Companies with a higher proportion of female executives perform better and are perceived as more attractive employers, a new report reveals.
In the Best Employers report conducted by Kincentric, organisations with more women in positions of power, and those with more of an even gender representation balance, were found to have ranked better among their employees.
Research by Bankwest Curtin Economics Centre and Australia's Workplace Gender Equality Agency shows that ASX-listed companies that increased their share of women in key management positions experience an average 6.6 per cent increase or A$104.7 million rise in their market value.
The Kincentric survey, which interviewed thousands of employees across 100 organisations throughout New Zealand and Australia, found that Coca-Cola Amatil and Foodstuffs' brand Four Square were among New Zealand's best employers, ranking in second and sixth place, among mostly Australian firms in the top 10 ranks.
Findings show the common thread among those high-ranking employers accredited as "Best Employers" were a significantly higher proportion of women in the most senior leadership roles, sitting at an average of around 41 per cent.
Gender-balanced leadership teams were also found to be better at "energising" their workforce, and were seen as more trusted and to communicate more openly.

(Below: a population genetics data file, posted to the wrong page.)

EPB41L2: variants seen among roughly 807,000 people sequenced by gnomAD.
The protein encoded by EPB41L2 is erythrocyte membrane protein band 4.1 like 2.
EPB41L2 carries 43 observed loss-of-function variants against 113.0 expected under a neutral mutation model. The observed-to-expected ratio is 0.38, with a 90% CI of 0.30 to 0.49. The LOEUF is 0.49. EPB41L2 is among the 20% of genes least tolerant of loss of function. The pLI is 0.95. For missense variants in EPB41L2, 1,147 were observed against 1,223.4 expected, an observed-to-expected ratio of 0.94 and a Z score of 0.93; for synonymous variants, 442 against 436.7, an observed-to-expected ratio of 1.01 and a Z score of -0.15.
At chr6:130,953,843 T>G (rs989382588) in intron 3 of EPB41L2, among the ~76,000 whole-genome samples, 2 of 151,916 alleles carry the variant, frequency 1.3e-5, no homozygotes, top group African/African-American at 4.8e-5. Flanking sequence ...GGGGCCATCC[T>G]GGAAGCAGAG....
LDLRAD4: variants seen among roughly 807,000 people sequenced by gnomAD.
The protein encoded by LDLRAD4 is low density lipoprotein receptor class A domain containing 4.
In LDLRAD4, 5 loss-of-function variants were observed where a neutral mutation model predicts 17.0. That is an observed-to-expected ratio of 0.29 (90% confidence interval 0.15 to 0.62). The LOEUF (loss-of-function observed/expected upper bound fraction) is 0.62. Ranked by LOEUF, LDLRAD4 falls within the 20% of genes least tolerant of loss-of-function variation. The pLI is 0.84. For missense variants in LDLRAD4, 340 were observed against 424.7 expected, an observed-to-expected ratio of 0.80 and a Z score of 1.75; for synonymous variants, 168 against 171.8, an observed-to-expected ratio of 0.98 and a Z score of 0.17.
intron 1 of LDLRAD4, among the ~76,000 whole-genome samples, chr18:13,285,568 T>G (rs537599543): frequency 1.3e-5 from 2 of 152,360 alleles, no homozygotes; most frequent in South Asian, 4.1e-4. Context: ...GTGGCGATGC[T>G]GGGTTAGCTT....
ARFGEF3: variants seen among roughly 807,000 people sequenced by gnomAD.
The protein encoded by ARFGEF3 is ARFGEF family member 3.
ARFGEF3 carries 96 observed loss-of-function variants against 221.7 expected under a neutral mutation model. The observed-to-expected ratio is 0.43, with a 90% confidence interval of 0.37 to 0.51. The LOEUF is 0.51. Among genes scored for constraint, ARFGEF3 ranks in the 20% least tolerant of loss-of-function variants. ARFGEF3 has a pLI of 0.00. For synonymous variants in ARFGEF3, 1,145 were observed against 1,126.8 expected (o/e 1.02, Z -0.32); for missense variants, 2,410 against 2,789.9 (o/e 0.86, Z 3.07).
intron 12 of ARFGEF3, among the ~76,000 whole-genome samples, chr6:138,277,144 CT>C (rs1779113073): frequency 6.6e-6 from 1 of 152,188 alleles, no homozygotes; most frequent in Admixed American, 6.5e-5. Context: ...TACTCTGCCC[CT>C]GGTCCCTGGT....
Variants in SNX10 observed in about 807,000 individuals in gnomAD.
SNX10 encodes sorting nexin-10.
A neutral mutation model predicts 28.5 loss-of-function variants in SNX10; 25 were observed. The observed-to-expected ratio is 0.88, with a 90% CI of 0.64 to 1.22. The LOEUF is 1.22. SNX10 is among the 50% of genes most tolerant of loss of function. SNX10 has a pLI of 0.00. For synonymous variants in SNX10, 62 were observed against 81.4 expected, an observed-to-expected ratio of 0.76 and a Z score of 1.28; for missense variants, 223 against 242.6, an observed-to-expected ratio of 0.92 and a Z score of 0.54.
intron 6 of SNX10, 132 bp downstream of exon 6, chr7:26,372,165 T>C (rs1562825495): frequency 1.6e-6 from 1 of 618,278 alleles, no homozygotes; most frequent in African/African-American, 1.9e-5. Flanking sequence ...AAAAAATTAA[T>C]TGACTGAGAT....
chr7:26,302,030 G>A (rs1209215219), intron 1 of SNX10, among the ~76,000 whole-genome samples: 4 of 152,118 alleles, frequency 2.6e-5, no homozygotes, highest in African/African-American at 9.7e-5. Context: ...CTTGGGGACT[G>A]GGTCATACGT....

The top-ranking firms were also perceived to have leaders that thought of their positions as a privilege and the responsibility to help their team grow and develop.
Despite growing evidence that firms with more gender-balanced leadership teams have more successful operations, women remain over-represented in less skilled and lower paid roles, and men still fill the majority of junior entry-level management roles.
Junior management roles were found to have a ratio of 1 female to 2 males among companies, meaning that overall firms were still likely to have a male-skewed pipeline of future leaders and executives.
Hugh Hawthorne, Kincentric New Zealand market lead, said there was still a long way to go for organisations to reach optimal female representation within their leadership teams.
"What we're seeing in those Best Employers is they tend to lean more towards diverse and inclusive thinking, and they see the value in getting different ideas and perspectives in problem solving," Hawthorne said.
"The majority of companies at the moment have around 25 per cent of women in senior roles, that has been picking up over the years and goes up about a couple of percentage points each year, but it is still behind the aspirations of most organisations."
Organisations with more women leaders were found to be more open to flexible and remote working arrangements among their work forces.
The "best employers" were found to have similarities of: more women in senior positions, greater perceptions of the leaders and those running the organisation and more favourable flexible working policies, among others, Hawthorne said.
Other findings revealed that employees thought the Covid-19 pandemic had brought out the best in their leaders, through increased empathy, the ability to make bold and decisive decisions, better communication and an overall heightened sense of responsibility.
Employees working for higher-ranked organisations were found to be an average of 81 per cent engaged at work compared to 60 per cent at other organisations.